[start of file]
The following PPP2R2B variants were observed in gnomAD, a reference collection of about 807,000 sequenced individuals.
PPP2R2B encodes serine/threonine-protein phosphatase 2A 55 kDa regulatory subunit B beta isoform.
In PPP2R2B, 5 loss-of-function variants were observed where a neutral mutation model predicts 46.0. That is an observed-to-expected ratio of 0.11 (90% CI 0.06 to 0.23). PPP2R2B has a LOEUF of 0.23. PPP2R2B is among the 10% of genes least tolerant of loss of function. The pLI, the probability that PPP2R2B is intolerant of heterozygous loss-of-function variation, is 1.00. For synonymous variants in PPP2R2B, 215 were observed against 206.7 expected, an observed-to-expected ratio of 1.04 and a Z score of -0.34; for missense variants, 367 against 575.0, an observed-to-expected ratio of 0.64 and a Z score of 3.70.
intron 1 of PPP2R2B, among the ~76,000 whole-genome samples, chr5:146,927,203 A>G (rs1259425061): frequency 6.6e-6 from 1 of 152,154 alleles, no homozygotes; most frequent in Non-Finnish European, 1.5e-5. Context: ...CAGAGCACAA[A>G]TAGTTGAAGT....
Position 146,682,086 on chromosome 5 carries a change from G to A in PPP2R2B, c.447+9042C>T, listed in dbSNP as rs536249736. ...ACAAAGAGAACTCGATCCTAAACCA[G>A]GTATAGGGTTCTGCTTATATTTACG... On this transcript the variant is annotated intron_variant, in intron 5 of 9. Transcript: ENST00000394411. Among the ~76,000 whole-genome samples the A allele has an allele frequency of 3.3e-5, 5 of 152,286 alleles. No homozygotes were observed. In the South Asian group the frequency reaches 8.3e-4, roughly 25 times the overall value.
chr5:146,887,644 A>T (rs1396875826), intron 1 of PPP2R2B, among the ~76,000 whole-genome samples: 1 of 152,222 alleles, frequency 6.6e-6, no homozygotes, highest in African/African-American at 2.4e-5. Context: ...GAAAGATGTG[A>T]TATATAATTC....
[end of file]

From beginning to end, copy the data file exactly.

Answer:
The following PPP2R2B variants were observed in gnomAD, a reference collection of about 807,000 sequenced individuals.
PPP2R2B encodes serine/threonine-protein phosphatase 2A 55 kDa regulatory subunit B beta isoform.
In PPP2R2B, 5 loss-of-function variants were observed where a neutral mutation model predicts 46.0. That is an observed-to-expected ratio of 0.11 (90% CI 0.06 to 0.23). PPP2R2B has a LOEUF of 0.23. PPP2R2B is among the 10% of genes least tolerant of loss of function. The pLI, the probability that PPP2R2B is intolerant of heterozygous loss-of-function variation, is 1.00. For synonymous variants in PPP2R2B, 215 were observed against 206.7 expected, an observed-to-expected ratio of 1.04 and a Z score of -0.34; for missense variants, 367 against 575.0, an observed-to-expected ratio of 0.64 and a Z score of 3.70.
intron 1 of PPP2R2B, among the ~76,000 whole-genome samples, chr5:146,927,203 A>G (rs1259425061): frequency 6.6e-6 from 1 of 152,154 alleles, no homozygotes; most frequent in Non-Finnish European, 1.5e-5. Context: ...CAGAGCACAA[A>G]TAGTTGAAGT....
Position 146,682,086 on chromosome 5 carries a change from G to A in PPP2R2B, c.447+9042C>T, listed in dbSNP as rs536249736. ...ACAAAGAGAACTCGATCCTAAACCA[G>A]GTATAGGGTTCTGCTTATATTTACG... On this transcript the variant is annotated intron_variant, in intron 5 of 9. Transcript: ENST00000394411. Among the ~76,000 whole-genome samples the A allele has an allele frequency of 3.3e-5, 5 of 152,286 alleles. No homozygotes were observed. In the South Asian group the frequency reaches 8.3e-4, roughly 25 times the overall value.
chr5:146,887,644 A>T (rs1396875826), intron 1 of PPP2R2B, among the ~76,000 whole-genome samples: 1 of 152,222 alleles, frequency 6.6e-6, no homozygotes, highest in African/African-American at 2.4e-5. Context: ...GAAAGATGTG[A>T]TATATAATTC....